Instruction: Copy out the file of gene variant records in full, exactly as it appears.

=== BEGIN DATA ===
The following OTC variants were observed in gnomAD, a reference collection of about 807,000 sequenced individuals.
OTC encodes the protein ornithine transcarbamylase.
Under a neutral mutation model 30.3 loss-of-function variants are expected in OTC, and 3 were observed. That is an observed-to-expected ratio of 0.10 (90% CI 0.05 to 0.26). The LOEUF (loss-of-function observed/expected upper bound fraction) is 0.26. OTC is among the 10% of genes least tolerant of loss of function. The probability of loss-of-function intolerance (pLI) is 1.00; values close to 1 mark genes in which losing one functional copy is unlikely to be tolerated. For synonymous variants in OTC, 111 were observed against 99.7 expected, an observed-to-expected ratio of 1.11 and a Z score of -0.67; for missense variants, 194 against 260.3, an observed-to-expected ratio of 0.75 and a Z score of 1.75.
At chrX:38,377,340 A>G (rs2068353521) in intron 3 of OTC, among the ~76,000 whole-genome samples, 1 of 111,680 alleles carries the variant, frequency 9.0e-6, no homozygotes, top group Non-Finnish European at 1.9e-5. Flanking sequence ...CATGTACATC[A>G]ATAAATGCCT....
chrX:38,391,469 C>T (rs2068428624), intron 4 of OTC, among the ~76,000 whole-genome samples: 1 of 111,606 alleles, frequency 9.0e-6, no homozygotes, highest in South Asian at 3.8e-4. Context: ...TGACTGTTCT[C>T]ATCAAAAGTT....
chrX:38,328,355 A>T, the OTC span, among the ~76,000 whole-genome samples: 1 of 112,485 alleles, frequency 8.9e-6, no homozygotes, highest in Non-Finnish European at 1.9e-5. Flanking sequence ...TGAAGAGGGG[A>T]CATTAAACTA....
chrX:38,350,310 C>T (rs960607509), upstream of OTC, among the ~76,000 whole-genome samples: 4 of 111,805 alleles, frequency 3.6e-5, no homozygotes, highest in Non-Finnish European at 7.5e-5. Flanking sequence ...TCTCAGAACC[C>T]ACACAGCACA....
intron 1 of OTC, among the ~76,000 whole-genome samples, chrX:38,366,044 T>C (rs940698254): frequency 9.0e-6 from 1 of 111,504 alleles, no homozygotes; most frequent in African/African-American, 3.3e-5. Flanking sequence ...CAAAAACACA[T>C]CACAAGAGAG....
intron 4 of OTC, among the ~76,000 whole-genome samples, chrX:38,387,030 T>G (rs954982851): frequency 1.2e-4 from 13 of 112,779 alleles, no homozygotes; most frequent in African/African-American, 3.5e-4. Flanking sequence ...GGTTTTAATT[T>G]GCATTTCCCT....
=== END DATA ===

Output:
The following OTC variants were observed in gnomAD, a reference collection of about 807,000 sequenced individuals.
OTC encodes the protein ornithine transcarbamylase.
Under a neutral mutation model 30.3 loss-of-function variants are expected in OTC, and 3 were observed. That is an observed-to-expected ratio of 0.10 (90% CI 0.05 to 0.26). The LOEUF (loss-of-function observed/expected upper bound fraction) is 0.26. OTC is among the 10% of genes least tolerant of loss of function. The probability of loss-of-function intolerance (pLI) is 1.00; values close to 1 mark genes in which losing one functional copy is unlikely to be tolerated. For synonymous variants in OTC, 111 were observed against 99.7 expected, an observed-to-expected ratio of 1.11 and a Z score of -0.67; for missense variants, 194 against 260.3, an observed-to-expected ratio of 0.75 and a Z score of 1.75.
At chrX:38,377,340 A>G (rs2068353521) in intron 3 of OTC, among the ~76,000 whole-genome samples, 1 of 111,680 alleles carries the variant, frequency 9.0e-6, no homozygotes, top group Non-Finnish European at 1.9e-5. Flanking sequence ...CATGTACATC[A>G]ATAAATGCCT....
chrX:38,391,469 C>T (rs2068428624), intron 4 of OTC, among the ~76,000 whole-genome samples: 1 of 111,606 alleles, frequency 9.0e-6, no homozygotes, highest in South Asian at 3.8e-4. Context: ...TGACTGTTCT[C>T]ATCAAAAGTT....
chrX:38,328,355 A>T, the OTC span, among the ~76,000 whole-genome samples: 1 of 112,485 alleles, frequency 8.9e-6, no homozygotes, highest in Non-Finnish European at 1.9e-5. Flanking sequence ...TGAAGAGGGG[A>T]CATTAAACTA....
chrX:38,350,310 C>T (rs960607509), upstream of OTC, among the ~76,000 whole-genome samples: 4 of 111,805 alleles, frequency 3.6e-5, no homozygotes, highest in Non-Finnish European at 7.5e-5. Flanking sequence ...TCTCAGAACC[C>T]ACACAGCACA....
intron 1 of OTC, among the ~76,000 whole-genome samples, chrX:38,366,044 T>C (rs940698254): frequency 9.0e-6 from 1 of 111,504 alleles, no homozygotes; most frequent in African/African-American, 3.3e-5. Flanking sequence ...CAAAAACACA[T>C]CACAAGAGAG....
intron 4 of OTC, among the ~76,000 whole-genome samples, chrX:38,387,030 T>G (rs954982851): frequency 1.2e-4 from 13 of 112,779 alleles, no homozygotes; most frequent in African/African-American, 3.5e-4. Flanking sequence ...GGTTTTAATT[T>G]GCATTTCCCT....